Watched Jun 01, 2012
Adam Cook’s review:
Prometheus has landed; finally. After months of spoiler-heavy trailers we get to see if it really is a prequel to Alien and whether Ridley Scott’s return to the universe he helped establish was worth the 33 year wait. Unfortunately, even having seen the film, the answers to both these questions remain unclear.
Whilst it is a prequel in the broadest sense (i.e. existing within the same universe and occurring before the events of the previous film) it is clear why they were coy when explaining how closely it related to Alien. For me this sideways prequel is a blessing. It doesn’t directly demystify elements of the ‘79 classic but it teases familiar imagery and ideas making the film appear richer than it arguably is. Scott’s return to the outer reaches of space was greeted with excitement and trepidation but whilst he succeeds in some departments the whole is not quite the sum of its parts.
The film begins brilliantly, in fact the short pre-credits sequence is arguably the film’s greatest moment, as the camera pans across a primordial Earth before witnessing the origins of human life. The expansive landscapes are breathtakingly beautiful and perfectly accompanied by Streitenfeld’s epic musical arrangements. It is a beginning that neatly sums up the film; both providing an explanation for a great mystery yet raising a myriad of new ones in its place.
Damon Lindelof’s involvement is very apparent, whether it is in the teasing of many new questions but an inability to provide compelling answers or in the crude characterisation of Prometheus’ crew. Whilst the film does answer one of the great unanswered questions in sci-fi cinema there is a desire not to explain everything. Mystery is good but the problem is the questions aren’t mere background details as they were in Alien (it was still a primeval battle of survival) but the entire driving force of the film. The result is a film rich with themes yet no great desire to explore them fully or even provide a genuinely satisfying resolution. Instead the whole film feels rather aimless and frustratingly unfocused.
The film has an epic canvas in every conceivable way, from the weighty issues of man’s origins to the exploration of cavernous pyramids, everything feels big and significant but the story is strangely bitty and unsatisfying. Perhaps the big frustrations with the film, and why it feels so scattershot, is because the characters are so poorly realised. With the exception of the always reliable Michael Fassbender none of the characters really leave much of an impression. Rapace is fine in the role but she has little to work with here despite the need for her character to be the centre of the story. Her romantic relationship with Logan Marshall-Green (forgettable) is particularly half-hearted whilst the other crew members are broad and uninteresting stereotypes. Of all the elements Scott could have borrowed from Alien it is a crying shame they ignored the compelling and relatable characters that help an audience genuinely invest in a story.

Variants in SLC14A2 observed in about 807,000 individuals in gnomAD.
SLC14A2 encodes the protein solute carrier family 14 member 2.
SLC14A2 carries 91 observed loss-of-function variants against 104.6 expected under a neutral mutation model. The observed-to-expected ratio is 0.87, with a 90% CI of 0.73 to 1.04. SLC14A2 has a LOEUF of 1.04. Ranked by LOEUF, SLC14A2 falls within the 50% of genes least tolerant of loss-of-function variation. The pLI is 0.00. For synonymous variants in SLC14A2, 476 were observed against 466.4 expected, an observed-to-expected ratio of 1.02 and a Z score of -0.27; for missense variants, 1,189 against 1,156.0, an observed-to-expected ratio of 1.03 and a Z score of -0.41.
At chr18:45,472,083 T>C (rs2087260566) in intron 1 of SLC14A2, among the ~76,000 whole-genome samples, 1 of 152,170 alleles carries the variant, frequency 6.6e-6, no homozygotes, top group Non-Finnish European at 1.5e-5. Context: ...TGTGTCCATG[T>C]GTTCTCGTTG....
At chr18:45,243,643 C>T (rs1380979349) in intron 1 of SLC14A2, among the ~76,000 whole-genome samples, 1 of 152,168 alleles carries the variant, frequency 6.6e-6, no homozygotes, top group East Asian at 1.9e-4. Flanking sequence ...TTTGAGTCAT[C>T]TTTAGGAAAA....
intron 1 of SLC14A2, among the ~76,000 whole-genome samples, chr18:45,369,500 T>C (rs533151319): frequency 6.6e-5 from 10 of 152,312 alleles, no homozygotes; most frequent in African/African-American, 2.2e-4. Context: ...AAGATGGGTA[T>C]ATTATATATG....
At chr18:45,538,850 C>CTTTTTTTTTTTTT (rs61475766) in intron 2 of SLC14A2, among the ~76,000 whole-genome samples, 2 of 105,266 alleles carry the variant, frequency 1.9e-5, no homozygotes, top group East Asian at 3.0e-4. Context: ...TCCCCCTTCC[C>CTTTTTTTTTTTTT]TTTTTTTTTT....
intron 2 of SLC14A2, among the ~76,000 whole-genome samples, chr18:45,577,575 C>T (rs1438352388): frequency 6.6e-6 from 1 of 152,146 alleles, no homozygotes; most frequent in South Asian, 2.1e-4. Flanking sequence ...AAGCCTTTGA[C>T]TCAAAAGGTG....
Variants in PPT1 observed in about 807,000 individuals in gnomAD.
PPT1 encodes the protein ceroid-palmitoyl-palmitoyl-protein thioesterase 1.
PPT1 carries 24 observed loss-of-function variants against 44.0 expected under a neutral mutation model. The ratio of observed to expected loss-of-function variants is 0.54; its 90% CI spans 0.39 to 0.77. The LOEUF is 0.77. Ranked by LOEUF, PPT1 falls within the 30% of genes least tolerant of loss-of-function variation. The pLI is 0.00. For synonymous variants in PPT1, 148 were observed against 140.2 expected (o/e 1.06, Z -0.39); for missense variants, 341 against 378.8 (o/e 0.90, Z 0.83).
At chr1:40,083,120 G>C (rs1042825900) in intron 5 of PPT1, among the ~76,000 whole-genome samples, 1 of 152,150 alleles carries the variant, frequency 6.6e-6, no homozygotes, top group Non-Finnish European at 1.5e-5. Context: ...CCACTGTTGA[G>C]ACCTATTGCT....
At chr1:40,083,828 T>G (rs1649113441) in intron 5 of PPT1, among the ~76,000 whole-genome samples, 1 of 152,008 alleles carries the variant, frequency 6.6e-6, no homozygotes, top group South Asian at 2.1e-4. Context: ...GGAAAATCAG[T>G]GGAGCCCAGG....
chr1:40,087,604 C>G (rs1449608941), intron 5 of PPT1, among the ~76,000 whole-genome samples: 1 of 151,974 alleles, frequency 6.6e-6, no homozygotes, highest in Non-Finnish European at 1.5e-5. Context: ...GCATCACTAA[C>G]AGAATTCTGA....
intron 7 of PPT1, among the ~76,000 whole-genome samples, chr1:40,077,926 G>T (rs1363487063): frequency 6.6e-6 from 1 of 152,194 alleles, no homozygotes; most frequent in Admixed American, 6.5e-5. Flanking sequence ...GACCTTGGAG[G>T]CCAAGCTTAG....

All of which sounds incredibly negative which is a shame because there are also moments to admire. Not only is Fassbender’s performance the best but his character is by far the most intriguing and complex onboard Prometheus. Visually the film is stunning with faultless special effects and the best use of 3D I’ve seen in any live action movie to date. The film uses sporadic body horror to great effect (and not necessarily in the way you expect), the vague links to the earlier films work well without pulling back the curtain completely and spoiling Alien in the process. It is never less than watchable but sadly, for large stretches, that is all the film is; watchable. It rarely gets you on the edge of your seat or peering behind your fingers and, most crucially, it never truly makes you care what happens next.